Understanding value, or the use of light and dark, is an important factor in creating successful drawings and paintings. Creating a “value scale” of their own was a great way for my middle school students to get the feel for including the full range of values before starting a major drawing project. I created my sample as a fold-out in my sketchbook (above), but I had my students just do theirs on a separate sheet of paper.
- 9×12 white drawing or construction paper
- Prismacolor “Ebony” pencil (or other soft lead drawing pencil)
- Kneaded eraser
- Blending stump
- small piece of scrap paper (about 4″ x 6″ish)
1. Use your ruler to draw a rectangle about 1.5″ x 11″ across your paper. (Or, simply trace around your ruler if measuring creates an obstacle!)
2. Work from left to right (if you’re right-handed) or right to left (if you’re left-handed). Start with the darkest value and work across your paper in the opposite direction, being careful not to drag your hand over your work. (A small piece of scrap paper placed under your hand while drawing will help prevent smearing.)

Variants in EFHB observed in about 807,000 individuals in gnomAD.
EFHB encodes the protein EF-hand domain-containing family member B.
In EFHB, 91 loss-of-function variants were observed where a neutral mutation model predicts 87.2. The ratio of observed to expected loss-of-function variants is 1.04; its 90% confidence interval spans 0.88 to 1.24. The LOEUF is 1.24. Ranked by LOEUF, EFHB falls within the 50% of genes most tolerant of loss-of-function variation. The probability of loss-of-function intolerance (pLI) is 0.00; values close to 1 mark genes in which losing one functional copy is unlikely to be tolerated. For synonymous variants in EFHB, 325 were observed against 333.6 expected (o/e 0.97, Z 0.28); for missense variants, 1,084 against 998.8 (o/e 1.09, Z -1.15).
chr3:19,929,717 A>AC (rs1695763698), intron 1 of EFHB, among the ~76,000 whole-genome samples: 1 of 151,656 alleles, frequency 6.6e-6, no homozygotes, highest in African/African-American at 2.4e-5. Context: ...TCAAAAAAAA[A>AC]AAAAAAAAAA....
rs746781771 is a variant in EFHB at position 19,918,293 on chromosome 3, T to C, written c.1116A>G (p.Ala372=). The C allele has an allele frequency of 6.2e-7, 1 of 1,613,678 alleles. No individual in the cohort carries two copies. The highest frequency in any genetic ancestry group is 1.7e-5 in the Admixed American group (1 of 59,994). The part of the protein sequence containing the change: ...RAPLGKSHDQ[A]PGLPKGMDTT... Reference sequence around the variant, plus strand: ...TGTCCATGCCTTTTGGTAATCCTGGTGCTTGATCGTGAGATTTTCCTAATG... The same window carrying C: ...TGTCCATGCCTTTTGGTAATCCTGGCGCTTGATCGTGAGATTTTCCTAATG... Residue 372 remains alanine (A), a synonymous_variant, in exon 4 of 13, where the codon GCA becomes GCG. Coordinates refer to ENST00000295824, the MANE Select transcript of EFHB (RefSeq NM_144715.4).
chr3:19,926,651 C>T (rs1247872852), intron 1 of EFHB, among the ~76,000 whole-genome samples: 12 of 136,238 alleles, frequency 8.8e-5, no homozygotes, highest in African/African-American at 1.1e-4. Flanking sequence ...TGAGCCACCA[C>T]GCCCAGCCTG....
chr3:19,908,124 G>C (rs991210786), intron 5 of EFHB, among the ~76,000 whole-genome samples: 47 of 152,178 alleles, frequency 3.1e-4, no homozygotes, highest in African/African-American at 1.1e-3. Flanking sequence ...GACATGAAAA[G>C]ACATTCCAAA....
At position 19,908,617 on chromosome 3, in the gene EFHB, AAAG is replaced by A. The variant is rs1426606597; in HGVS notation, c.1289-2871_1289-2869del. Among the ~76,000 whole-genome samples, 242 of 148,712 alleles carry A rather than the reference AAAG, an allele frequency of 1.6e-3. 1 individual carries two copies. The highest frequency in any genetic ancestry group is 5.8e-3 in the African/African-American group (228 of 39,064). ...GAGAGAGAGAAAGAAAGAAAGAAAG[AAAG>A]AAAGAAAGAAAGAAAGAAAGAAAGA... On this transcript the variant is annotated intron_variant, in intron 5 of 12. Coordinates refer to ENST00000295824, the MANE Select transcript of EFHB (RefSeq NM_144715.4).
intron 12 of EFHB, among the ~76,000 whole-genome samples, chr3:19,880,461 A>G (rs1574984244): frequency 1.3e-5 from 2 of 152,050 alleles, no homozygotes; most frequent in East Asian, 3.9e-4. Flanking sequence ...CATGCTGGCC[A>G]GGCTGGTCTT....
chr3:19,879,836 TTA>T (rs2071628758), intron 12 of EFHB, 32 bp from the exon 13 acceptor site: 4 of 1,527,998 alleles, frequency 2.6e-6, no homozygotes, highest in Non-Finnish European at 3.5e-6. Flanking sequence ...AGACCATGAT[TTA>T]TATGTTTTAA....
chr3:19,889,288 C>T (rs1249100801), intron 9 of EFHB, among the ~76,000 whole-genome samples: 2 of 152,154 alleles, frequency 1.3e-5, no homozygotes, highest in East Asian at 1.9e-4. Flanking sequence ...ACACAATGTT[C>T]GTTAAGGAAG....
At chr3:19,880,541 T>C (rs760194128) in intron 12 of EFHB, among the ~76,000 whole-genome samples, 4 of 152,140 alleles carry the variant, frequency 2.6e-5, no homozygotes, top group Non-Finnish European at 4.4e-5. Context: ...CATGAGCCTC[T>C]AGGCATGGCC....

3. Use the blending stump to create smooth gradations from dark to light, and the kneaded eraser to lift out graphite from any areas that are too dark. Try to make your scale transition from the darkest black you can make to pure white, as gradually and smoothly as possible!
4. Label and sign your finished value scale!
5. You may want to spray finished work with hairspray to protect it from smearing (optional).
For more info on how to draw value scales, see this great post from John at HelloArtsy!